According to Rohs’ current position, temporal becoming is just as dependent on our mind as the mind is on temporal becoming. I would like to conclude by taking a brief look at one direction of this dependence, namely, the dependence of the mental on temporal becoming.1

The thesis that temporal becoming is constitutive for the mental is supported by a number of points that are striking, even though they are not properly taken into consideration by contemporary philosophy of mind. I will list only four of these points: First, temporal becoming and the specifically subjective character of the mental, which is only revealed in the first-person perspective, seem to escape a description and explanation in terms of physics (and natural science). If this is true, then both drop out of reality as described by the natural sciences. Second, we can only access our own mental phenomena in the mode of the present. That is, we can recall past joys and fear future pain, but we can only be immediately conscious of these memories and fears, as well as current experiences, in the present. If self-consciousness is knowledge of our own mental states, then self-consciousness is always also consciousness of what is temporally present. The same dependence on the present is also shown on the level of mental states themselves. Thus, third, perception—our access to the empirical world—is always perception of the present. We can recall past events and anticipate future ones, but we can directly perceive only present events and things. And, fourth, our will is always based on the present and directed to the future; we act now for the future because we “care,” as Rohs says in allusion to Heidegger.

These points indeed make it very plausible that temporal becoming is constitutive for our minds: there are no mental processes, consciousness, or subjectivity without temporal becoming.

To understand the relevance of this thesis, it is helpful to clarify the difference between mental and non-mental events. For both kinds of events it is true that present events are “real” in a specific sense and that nothing can be real in this sense that is not present. This means that temporal becoming brings with it a characteristic difference in the reality of events: Whereas future events are not yet real and past events are no longer real, only present events are real in this specific present-tensed sense. Future events are in this sense not real at all, past ones are real, at least derivatively, since they were at least present at one time. In a non-present-tensed sense, by contrast, an event is real if (and only if) it is a part of the physically describable spacetime reality, in which—as mentioned—the distinction between past, present, and future doesn’t occur. Spacetime events can thus be real in a present-tensed sense as well as in a non-present-tensed one, but mental events can be real only in a present-tensed sense. This does not rule out mental processes having a material substrate, but it means that such a substrate alone cannot explain the specific subjectivity of the mental.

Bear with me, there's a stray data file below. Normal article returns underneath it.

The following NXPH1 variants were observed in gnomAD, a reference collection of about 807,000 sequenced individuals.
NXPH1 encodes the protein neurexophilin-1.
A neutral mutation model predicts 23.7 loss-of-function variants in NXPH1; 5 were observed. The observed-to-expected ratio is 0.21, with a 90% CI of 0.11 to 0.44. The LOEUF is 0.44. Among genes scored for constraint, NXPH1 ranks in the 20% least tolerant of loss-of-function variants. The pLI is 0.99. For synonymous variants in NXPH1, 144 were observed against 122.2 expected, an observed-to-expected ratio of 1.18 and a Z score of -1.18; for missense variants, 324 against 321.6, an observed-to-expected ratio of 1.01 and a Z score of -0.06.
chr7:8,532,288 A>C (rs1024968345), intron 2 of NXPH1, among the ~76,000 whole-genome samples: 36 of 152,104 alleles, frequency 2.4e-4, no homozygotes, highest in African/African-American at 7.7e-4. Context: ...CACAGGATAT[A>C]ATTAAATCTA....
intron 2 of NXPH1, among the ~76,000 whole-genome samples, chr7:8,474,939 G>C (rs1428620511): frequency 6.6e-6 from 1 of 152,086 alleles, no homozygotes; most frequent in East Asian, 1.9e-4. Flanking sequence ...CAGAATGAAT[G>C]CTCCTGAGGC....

Rohs thus provides an answer to the fundamental question of the philosophy of mind, namely, the question concerning the ontological status of the mental. The mental, as Rohs put it with Kant, is an “appearance,” ontologically dependent of our mental access to it, the access of which is always linked to the “form of intuition” of temporal becoming, thus occurring in the mode of the present. Since material reality as such does not underlie temporal becoming, the ontological difference between body and mind, according to Rohs, is grounded in their different temporal properties. The constitutive role of temporal becoming for the mental therefore opens up an important perspective for the philosophy of mind, which Rohs discusses in detail in this book. In this way, the non-natural and non-sensible character of temporal becoming, according to Rohs, ensures the immateriality of the mental, whereas the pragmatically indisputable reality of temporal becoming protects the mental from any attempt at its theoretical elimination. At the same time, the specific intersubjectivity of the present is a starting point for explaining the communicability of the contents of our mental states. It thus becomes obvious that the connection between time and subjectivity is of great importance to the philosophy of mind.

As Rohs has argued in numerous earlier works, and as this book shows again, the distinction between A- and B-determinations of time makes it possible to develop solutions for a number of important philosophical problems beyond the philosophy of mind: the problem of universals, the question concerning the status of meanings and propositions, the possibility of linguistic communication, the question concerning the freedom of the will, and, last but not least, the problem of mind-body interaction. More can be found on these themes in the following chapters. In this introduction, my intention was only to elaborate an aspect of Rohs’ thinking that I take to be fundamental, namely, the hardly disputable but widely ignored link between temporal becoming and subjectivity. Making us aware of its central relevance, and pointing out its consequences, is one of the greatest philosophical achievements of Peter Rohs.


This introduction is based on a text that was published in Information Philosophie in 2006; it has been supplemented and revised to a great extent in view of the present book by Peter Rohs.


For more about the other thesis, that our mental access is constitutive for temporal becoming, see Chapter 2 of this book.